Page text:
May 19, 2018
The following is the story of Ginette Derisier from Haiti, one of many individuals profiled in the forthcoming book, Shoestrings: How Your Donated Shoes and Clothes Help People Pull Themselves Out of Poverty, by Soles4Souls President and CEO Buddy Teaster.
Not long ago, Ginette Derisier and her family were struggling to survive.
Before 2010, Haiti was already the poorest country in the northern hemisphere. After the 2010 earthquake, the deficit of adequate, affordable housing was significantly exacerbated. Finding steady work to bring in enough income to support a family is hard to come by.
Ginette, her husband and four boys built a small makeshift shed to call home. Meals were few, education was occasional and access to medical care was non-existent.
She was one of what the World Bank estimates to be roughly 767 million people in the world living on less than $1.90 a day. Dedicated to working hard to support her family, but lacking access to sustainable employment opportunities.
Women like Ginette are exactly who our micro-enterprise operations at Soles4Souls were designed to empower.
The outside of Ginette’s outdoor kitchen.
Ginette’s outdoor kitchen
The small make-shift home where Ginette, her husband and four children live
“Before, I was selling rice, beans, oil in the marketplace,” said Ginette Derisier. “But with those things, you really don’t see much of a profit. And then I had a friend suggest, ‘Hey, why don’t you try to sell shoes and see if you could do better for yourself?’”
These shoes are those which generous volunteers, retailers and manufacturers donate to Soles4Souls as part of our micro-enterprise program. We work with non-profit partners in emerging nations around the globe to help fund programs and help people step out of poverty.
For example, our work with the Haitian American Caucus (HAC) helps women entrepreneurs start and sustain small businesses selling new and gently-worn shoes in the marketplace.
“First and foremost, the shoes that we get at HAC [provided by Soles4Souls] are top quality, and it’s not too far from where we live. If not for that, then we have to go very far away to purchase shoes and the quality is just as not as good,” she explained.
Repurposed shoes have the potential to result in food, shelter and education for someone in need in places like Haiti. For example, just one pair of gently-worn shoes sold by an entrepreneur can provide up to five meals for a family.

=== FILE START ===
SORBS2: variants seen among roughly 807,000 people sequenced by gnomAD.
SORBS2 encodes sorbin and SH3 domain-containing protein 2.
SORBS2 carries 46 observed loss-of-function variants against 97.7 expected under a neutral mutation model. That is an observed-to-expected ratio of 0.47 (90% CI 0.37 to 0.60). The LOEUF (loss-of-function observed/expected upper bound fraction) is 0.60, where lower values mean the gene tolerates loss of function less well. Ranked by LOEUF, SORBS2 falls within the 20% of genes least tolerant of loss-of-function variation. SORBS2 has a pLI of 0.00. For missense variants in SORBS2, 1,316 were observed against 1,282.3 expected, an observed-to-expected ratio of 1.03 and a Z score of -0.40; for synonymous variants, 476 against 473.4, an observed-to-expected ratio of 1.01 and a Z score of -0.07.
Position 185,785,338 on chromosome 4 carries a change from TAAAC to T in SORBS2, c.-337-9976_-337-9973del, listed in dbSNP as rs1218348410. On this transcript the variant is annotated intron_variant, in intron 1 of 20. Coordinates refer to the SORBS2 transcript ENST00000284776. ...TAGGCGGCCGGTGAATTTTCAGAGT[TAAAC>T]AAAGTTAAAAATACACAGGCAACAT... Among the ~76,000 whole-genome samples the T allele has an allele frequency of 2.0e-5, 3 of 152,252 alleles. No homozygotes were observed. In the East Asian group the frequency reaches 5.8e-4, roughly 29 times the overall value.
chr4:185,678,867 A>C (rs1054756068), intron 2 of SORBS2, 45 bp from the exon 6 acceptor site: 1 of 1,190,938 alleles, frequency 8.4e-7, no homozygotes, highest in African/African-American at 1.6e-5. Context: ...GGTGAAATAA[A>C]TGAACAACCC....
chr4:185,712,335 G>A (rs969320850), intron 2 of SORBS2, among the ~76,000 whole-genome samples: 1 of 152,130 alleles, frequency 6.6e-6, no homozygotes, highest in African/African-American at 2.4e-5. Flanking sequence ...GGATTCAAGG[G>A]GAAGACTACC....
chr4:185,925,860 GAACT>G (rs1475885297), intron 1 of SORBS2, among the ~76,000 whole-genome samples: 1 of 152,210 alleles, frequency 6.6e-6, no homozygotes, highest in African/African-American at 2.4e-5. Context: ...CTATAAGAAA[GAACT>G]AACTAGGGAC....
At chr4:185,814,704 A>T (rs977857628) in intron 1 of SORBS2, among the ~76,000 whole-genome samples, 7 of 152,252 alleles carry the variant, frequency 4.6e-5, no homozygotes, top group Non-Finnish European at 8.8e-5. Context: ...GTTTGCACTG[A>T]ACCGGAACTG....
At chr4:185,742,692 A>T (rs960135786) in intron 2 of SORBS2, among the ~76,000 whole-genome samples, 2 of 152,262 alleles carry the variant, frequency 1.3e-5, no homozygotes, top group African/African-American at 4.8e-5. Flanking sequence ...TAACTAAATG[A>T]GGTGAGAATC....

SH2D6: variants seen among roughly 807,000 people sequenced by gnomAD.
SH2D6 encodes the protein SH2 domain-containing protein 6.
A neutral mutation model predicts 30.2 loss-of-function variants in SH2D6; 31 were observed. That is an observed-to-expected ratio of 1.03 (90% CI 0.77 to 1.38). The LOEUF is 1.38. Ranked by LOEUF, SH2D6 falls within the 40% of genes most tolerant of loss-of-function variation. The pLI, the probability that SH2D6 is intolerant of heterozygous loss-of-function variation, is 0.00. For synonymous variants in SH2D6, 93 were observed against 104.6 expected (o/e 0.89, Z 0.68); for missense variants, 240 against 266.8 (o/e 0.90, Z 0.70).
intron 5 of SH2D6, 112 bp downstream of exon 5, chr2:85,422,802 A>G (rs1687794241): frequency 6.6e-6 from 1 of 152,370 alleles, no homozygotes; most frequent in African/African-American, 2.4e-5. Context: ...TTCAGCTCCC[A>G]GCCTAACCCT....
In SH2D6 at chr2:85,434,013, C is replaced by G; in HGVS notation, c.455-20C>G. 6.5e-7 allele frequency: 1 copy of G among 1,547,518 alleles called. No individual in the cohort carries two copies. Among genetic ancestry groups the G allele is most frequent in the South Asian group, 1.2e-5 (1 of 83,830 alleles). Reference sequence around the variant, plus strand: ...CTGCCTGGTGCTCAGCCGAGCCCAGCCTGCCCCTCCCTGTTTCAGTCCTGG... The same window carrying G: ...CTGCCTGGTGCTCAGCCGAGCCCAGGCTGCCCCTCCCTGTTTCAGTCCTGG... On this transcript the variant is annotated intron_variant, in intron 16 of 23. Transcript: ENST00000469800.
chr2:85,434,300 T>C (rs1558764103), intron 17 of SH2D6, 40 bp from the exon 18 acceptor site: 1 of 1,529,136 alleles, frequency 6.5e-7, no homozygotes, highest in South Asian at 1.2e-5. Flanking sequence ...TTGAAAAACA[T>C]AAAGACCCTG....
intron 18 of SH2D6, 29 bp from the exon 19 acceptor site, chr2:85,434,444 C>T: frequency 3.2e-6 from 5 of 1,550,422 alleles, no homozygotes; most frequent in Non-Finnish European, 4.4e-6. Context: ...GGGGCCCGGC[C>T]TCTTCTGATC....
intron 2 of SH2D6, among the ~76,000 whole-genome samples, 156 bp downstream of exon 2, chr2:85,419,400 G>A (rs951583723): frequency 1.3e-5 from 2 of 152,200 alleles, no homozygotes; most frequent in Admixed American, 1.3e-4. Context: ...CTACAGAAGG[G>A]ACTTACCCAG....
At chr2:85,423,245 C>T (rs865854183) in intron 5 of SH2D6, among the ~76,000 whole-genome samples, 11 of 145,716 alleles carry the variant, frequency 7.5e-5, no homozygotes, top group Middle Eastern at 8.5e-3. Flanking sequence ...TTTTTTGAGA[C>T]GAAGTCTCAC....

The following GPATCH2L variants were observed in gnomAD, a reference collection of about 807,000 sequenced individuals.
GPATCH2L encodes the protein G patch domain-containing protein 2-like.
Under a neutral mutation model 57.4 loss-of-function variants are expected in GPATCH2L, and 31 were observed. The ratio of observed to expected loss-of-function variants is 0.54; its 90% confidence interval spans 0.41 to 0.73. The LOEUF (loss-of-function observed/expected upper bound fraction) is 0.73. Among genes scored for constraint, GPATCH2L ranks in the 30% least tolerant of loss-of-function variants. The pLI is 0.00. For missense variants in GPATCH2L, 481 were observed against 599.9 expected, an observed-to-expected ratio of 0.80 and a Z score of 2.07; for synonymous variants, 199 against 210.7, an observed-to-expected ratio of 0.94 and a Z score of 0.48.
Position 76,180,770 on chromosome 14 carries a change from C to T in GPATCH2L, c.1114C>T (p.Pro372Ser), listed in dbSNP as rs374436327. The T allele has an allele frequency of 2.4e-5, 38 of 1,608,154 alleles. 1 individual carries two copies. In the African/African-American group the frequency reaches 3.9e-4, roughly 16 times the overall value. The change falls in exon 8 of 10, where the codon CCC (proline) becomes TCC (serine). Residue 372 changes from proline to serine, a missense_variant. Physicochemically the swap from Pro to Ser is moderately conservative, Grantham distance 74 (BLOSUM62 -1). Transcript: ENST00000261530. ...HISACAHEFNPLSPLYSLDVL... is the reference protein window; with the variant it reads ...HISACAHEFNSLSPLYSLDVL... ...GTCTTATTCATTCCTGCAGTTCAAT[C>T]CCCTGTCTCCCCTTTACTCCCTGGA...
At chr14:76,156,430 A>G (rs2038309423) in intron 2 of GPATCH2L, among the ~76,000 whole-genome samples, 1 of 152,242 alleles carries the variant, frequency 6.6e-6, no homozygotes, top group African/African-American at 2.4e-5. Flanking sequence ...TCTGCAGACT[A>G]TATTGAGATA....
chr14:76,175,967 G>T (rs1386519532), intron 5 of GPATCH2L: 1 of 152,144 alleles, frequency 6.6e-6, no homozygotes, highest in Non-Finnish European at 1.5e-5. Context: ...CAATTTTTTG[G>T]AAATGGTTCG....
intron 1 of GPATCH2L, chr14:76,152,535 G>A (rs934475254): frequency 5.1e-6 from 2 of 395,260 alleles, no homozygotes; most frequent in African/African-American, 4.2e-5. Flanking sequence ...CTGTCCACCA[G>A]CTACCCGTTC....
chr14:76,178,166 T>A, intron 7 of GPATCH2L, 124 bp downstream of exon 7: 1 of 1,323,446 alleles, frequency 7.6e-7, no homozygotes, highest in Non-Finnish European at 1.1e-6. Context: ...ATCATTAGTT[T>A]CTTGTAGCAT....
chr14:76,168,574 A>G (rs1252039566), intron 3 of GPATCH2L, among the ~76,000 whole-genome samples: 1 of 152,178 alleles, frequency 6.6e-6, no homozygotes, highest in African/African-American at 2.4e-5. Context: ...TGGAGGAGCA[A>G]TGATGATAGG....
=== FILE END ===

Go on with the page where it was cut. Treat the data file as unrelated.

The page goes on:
“Now, by selling shoes, I’m able to support myself, support my family,” said Ginette. “I’m able to send my third son to school, and to help my husband out when things are tough on his end.”
“When I first got started, I was only able to buy one box [of about 100 pairs]. Now, I’m able to buy three, four, sometimes five boxes, said Ginette. “The reason I like purchasing shoes from HAC is because whenever I purchase shoes there, I am sure to make a profit.”
She gestured toward the house rising nearby.
Shoes donated by our volunteers have helped build a new home and a new future for Ginette and her family—disrupting the cycle of poverty. But for Ginette and hundreds of other women just like her their continued success depends on more shoes.
“I have this construction on a new house that I’ve started, that’s taking me some time. If I had a more consistent supply of shoes, I’d be able to finish the construction of my house much, much sooner,” she said.
“Also, my son just entered university this year and is supposed to be there for five years. So with a constant supply of shoes, in five years, my son would be graduating from university.” The pride on her face spoke volumes.
“I’m going to pray that the people in the United States understand the real impact of shoes. They help my family a lot. If they continue to send shoes, I guarantee you, in about a year, year and a half, my house will be finished.”
Then Ginette turned to me.
“I’m so embarrassed to think I’m standing out here in this hot sun. The next time you guys come, I’ll be able to receive you in my house and not outside here in the sun.”